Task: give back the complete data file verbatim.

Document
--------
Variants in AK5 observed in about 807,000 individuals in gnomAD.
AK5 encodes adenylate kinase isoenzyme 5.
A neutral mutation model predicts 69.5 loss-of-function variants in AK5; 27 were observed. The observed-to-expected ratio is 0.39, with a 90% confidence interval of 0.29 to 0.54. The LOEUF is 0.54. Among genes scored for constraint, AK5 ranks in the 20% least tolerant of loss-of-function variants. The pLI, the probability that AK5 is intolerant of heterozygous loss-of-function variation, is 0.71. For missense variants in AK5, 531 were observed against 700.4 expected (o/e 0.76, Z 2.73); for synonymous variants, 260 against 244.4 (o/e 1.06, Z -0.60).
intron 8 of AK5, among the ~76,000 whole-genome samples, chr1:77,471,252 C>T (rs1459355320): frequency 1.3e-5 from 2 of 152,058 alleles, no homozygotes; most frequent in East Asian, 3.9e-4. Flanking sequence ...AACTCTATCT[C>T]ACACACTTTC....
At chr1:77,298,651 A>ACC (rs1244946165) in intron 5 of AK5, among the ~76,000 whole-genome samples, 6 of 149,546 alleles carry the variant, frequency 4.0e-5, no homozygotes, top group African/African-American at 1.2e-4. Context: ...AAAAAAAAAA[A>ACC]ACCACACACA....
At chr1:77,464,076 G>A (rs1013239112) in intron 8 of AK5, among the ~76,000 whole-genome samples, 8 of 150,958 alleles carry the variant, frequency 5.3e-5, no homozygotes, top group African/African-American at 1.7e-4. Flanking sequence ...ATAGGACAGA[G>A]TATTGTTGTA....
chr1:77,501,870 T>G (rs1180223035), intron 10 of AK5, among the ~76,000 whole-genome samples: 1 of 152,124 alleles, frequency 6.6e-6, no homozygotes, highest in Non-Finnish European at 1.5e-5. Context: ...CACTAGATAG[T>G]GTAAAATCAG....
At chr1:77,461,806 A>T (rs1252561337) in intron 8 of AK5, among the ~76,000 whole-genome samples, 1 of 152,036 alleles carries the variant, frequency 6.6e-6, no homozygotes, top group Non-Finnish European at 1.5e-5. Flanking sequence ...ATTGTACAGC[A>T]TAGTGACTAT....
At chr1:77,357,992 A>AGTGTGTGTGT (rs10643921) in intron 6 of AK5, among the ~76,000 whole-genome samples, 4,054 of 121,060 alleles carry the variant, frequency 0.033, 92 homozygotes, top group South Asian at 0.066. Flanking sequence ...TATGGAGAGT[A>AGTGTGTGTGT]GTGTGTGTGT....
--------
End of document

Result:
Variants in AK5 observed in about 807,000 individuals in gnomAD.
AK5 encodes adenylate kinase isoenzyme 5.
A neutral mutation model predicts 69.5 loss-of-function variants in AK5; 27 were observed. The observed-to-expected ratio is 0.39, with a 90% confidence interval of 0.29 to 0.54. The LOEUF is 0.54. Among genes scored for constraint, AK5 ranks in the 20% least tolerant of loss-of-function variants. The pLI, the probability that AK5 is intolerant of heterozygous loss-of-function variation, is 0.71. For missense variants in AK5, 531 were observed against 700.4 expected (o/e 0.76, Z 2.73); for synonymous variants, 260 against 244.4 (o/e 1.06, Z -0.60).
intron 8 of AK5, among the ~76,000 whole-genome samples, chr1:77,471,252 C>T (rs1459355320): frequency 1.3e-5 from 2 of 152,058 alleles, no homozygotes; most frequent in East Asian, 3.9e-4. Flanking sequence ...AACTCTATCT[C>T]ACACACTTTC....
At chr1:77,298,651 A>ACC (rs1244946165) in intron 5 of AK5, among the ~76,000 whole-genome samples, 6 of 149,546 alleles carry the variant, frequency 4.0e-5, no homozygotes, top group African/African-American at 1.2e-4. Context: ...AAAAAAAAAA[A>ACC]ACCACACACA....
At chr1:77,464,076 G>A (rs1013239112) in intron 8 of AK5, among the ~76,000 whole-genome samples, 8 of 150,958 alleles carry the variant, frequency 5.3e-5, no homozygotes, top group African/African-American at 1.7e-4. Flanking sequence ...ATAGGACAGA[G>A]TATTGTTGTA....
chr1:77,501,870 T>G (rs1180223035), intron 10 of AK5, among the ~76,000 whole-genome samples: 1 of 152,124 alleles, frequency 6.6e-6, no homozygotes, highest in Non-Finnish European at 1.5e-5. Context: ...CACTAGATAG[T>G]GTAAAATCAG....
At chr1:77,461,806 A>T (rs1252561337) in intron 8 of AK5, among the ~76,000 whole-genome samples, 1 of 152,036 alleles carries the variant, frequency 6.6e-6, no homozygotes, top group Non-Finnish European at 1.5e-5. Flanking sequence ...ATTGTACAGC[A>T]TAGTGACTAT....
At chr1:77,357,992 A>AGTGTGTGTGT (rs10643921) in intron 6 of AK5, among the ~76,000 whole-genome samples, 4,054 of 121,060 alleles carry the variant, frequency 0.033, 92 homozygotes, top group South Asian at 0.066. Flanking sequence ...TATGGAGAGT[A>AGTGTGTGTGT]GTGTGTGTGT....